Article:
Knowledge is Power When Protecting Your Child From Abuse.

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    Knowledge is Power When Protecting Your Child From Abuse.

    As we make choices every day to keep our safe. The intention of keeping our healthy and well, both emotionally and physically, is an overriding motivator in almost everything that we do. While some wellness issues are frequently discussed and subject to widespread educational efforts, many unintentionally miss opportunities to discuss sexual abuse with their .  But we know that loving, open communication between and is a significant factor in reducing the risk of child sexual abuse.

    A big welcome and thank you to our guest blogger, Rachel Thielmann.  Rachel is the Prevention Education Specialist for Foothills Child Advocacy Center in Charlottesville, Virginia, a non-profit, accredited agency designed to provide a coordinated system of effective response and intervention to who have been victimized.  Foothills Child Advocacy Center believes that all are entitled to be safe,healthy, nurtured, and valued. 

    Discussing child sexual abuse with is often intimidating to . Additionally, well intentioned and well informed are often unaware of the realities of sexual abuse.

    Child sexual abuse is:

    • Any sexual contact between and adult and a minor or sexual contact between two minors when one exerts power over the other.
    • Forcing, coercing or persuading a child to engage in a sexual act. It also includes non-contact acts such as exhibitionism, voyeurism, exposing a child to pornography.
    • Communicating in a sexual manner with a child via phone or internet. 

    While it is difficult to pinpoint exact statistics on child sexual abuse, experts estimate that 1 in 10 will be sexually abused before their eighteenth birthday (some studies indicate prevalence as high as 1 in 4 experiencing abuse).  Ninety percent of that are sexually abused know their abuser. that experience sexual abuse are at significantly higher risk of long term mental and physical health problems, dropping out of , becoming teenage , substance abuse, incarceration and numerous other negative consequences.

    For , this information can feel frightening and overwhelming.  What do we do? How do we protect ?

    • Teach the correct names for parts. This empowers to say no to unwanted touch and reduces shame about their bodies.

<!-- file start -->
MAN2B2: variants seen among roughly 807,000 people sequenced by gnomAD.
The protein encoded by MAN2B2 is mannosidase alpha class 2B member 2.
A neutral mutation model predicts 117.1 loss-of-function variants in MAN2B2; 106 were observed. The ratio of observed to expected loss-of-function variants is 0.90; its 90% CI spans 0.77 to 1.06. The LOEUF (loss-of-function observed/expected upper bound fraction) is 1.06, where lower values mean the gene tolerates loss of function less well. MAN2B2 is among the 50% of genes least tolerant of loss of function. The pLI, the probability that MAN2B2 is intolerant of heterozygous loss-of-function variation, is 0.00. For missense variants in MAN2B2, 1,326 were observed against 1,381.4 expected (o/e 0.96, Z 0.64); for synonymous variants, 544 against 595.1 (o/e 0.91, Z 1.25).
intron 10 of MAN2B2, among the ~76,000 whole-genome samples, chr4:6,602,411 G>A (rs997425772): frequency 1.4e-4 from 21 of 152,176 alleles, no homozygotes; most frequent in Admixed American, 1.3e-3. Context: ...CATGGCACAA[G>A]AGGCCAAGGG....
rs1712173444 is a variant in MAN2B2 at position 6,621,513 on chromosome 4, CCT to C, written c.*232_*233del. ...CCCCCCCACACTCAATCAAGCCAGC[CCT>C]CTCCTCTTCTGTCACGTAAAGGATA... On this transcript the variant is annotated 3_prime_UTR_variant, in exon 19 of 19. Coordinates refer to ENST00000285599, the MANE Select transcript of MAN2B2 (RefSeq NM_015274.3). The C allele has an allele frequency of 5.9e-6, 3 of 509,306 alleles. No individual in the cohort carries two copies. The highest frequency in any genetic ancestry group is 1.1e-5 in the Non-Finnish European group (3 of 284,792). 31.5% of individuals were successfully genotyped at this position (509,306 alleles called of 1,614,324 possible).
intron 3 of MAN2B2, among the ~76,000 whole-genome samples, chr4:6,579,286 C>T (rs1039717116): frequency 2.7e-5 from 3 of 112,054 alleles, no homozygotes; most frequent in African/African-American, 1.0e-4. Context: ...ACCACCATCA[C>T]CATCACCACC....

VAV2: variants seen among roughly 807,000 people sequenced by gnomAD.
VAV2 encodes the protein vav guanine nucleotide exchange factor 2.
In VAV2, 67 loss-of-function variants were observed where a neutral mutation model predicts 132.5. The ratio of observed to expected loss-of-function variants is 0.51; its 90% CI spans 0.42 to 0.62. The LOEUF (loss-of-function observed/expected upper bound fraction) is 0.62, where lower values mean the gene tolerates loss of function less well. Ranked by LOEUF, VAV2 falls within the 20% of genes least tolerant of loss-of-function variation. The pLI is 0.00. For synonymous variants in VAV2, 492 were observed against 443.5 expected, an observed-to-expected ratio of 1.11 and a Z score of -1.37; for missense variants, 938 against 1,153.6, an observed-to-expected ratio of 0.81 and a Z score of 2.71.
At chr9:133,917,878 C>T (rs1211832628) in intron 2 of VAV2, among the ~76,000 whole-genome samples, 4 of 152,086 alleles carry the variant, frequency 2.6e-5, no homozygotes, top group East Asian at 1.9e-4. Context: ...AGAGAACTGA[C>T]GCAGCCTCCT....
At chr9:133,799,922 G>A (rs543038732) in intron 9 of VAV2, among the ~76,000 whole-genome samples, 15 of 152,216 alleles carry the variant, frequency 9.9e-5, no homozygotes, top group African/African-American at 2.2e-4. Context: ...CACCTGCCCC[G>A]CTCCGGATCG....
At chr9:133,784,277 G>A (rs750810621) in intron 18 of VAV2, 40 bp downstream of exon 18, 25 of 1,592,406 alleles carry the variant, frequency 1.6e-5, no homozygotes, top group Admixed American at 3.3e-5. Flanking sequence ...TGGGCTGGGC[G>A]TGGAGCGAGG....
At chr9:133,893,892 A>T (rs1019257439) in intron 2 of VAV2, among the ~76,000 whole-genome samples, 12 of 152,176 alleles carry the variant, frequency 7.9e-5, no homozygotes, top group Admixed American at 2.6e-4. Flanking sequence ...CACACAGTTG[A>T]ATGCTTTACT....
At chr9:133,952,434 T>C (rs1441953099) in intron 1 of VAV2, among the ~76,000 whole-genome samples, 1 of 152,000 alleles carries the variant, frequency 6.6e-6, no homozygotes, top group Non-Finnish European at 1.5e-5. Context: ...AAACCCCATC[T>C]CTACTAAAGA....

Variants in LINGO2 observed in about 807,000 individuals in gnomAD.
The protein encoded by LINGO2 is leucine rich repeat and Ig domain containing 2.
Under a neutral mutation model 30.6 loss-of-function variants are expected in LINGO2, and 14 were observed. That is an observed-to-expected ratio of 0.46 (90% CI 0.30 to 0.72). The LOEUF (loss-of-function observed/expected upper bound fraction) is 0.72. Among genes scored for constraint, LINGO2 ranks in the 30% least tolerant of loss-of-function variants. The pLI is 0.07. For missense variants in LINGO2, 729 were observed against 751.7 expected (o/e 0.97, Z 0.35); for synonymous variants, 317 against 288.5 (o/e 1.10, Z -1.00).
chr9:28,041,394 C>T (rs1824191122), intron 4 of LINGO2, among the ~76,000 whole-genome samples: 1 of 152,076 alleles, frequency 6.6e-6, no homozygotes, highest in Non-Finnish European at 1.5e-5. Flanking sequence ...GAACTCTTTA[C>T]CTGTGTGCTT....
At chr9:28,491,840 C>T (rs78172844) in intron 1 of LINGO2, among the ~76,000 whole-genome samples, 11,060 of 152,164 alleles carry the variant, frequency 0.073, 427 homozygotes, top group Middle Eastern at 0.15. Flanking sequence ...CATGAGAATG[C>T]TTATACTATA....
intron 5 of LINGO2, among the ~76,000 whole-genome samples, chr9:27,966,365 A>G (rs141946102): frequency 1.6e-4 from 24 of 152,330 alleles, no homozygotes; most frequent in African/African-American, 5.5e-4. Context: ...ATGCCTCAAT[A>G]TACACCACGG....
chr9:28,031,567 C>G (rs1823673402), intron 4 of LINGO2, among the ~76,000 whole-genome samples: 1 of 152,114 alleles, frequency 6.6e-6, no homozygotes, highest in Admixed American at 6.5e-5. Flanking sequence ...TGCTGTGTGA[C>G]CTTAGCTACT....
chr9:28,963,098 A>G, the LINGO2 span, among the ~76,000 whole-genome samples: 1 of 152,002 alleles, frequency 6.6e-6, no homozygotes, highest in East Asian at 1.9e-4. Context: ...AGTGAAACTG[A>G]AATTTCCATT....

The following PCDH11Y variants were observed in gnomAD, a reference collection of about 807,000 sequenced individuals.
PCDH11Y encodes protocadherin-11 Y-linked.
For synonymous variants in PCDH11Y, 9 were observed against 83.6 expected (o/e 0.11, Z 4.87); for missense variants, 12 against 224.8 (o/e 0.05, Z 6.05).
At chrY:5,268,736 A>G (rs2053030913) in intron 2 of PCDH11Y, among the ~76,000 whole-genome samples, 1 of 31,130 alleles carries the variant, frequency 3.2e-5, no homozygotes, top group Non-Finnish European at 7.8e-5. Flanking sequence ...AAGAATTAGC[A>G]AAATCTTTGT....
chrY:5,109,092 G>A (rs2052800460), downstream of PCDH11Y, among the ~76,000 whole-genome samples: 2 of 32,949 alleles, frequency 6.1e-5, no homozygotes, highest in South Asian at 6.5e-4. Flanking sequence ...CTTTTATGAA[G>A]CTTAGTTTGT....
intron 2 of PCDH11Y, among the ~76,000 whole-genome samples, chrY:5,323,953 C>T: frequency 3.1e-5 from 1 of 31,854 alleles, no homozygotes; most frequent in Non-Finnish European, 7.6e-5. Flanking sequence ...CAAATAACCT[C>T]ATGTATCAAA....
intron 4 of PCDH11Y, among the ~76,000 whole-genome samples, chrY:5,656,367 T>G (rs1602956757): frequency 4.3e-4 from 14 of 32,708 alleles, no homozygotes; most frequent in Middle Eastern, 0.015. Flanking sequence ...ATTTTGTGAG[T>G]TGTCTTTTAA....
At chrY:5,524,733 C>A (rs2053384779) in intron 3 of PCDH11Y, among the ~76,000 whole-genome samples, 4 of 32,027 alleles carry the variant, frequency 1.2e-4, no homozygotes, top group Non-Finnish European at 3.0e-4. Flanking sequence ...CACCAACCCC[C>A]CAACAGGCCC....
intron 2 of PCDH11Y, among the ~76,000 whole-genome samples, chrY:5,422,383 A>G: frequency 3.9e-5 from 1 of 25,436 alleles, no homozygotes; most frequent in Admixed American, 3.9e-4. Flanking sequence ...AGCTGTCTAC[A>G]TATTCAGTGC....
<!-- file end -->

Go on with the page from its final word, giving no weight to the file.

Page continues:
• Teach about their bodies and about sex in an age appropriate manner.
    • Remember that the greatest risk to our is not abuse by strangers but by people we know. If a situation or individual makes you or your child uncomfortable, take precautions.
    • Let your child know that it is okay to say no to and to , even that they know. Regardless of the relationship, there are certain things that are never acceptable. Use clear and specific examples of actions and behaviors that would not be okay (‘if Mr. So-and-so, your teacher that you like very much, wanted to show you a picture of someone without any clothes on, that wouldn’t be okay’).
    • Let know that you will believe and support them if they say no to unwanted touch. This means allowing to give and receive affection freely. Sometimes this means helping a child politely decline unwanted affection from and relatives. While sometimes find this embarrassing (‘your uncle really wants a hug! Be a nice girl/boy and hug him!’), it is a wonderful opportunity to let know that their bodies and their affection are their own. Rather than try to coerce the child, can let the child and others know that this is okay.
    • If a child discloses abuse or your suspect abuse, listen calmly. Let the child know that you are glad s/he told you. Try not to ask leading questions about the abuse. Report suspected abuse to Child Protective Services/Department of Social Services.

    Child sexual abuse is a traumatic experience for and their members and poses a significant health risk to our . Additionally, the spillover from being abused impacts all of us. But can empower themselves and their to dramatically reduce the risk of abuse. Foothills Child Advocacy Center (www.foothillscac.org) provides free training for and concerned that want to learn how we can better protect our . To learn more, visit www.beaheroforkids.org!

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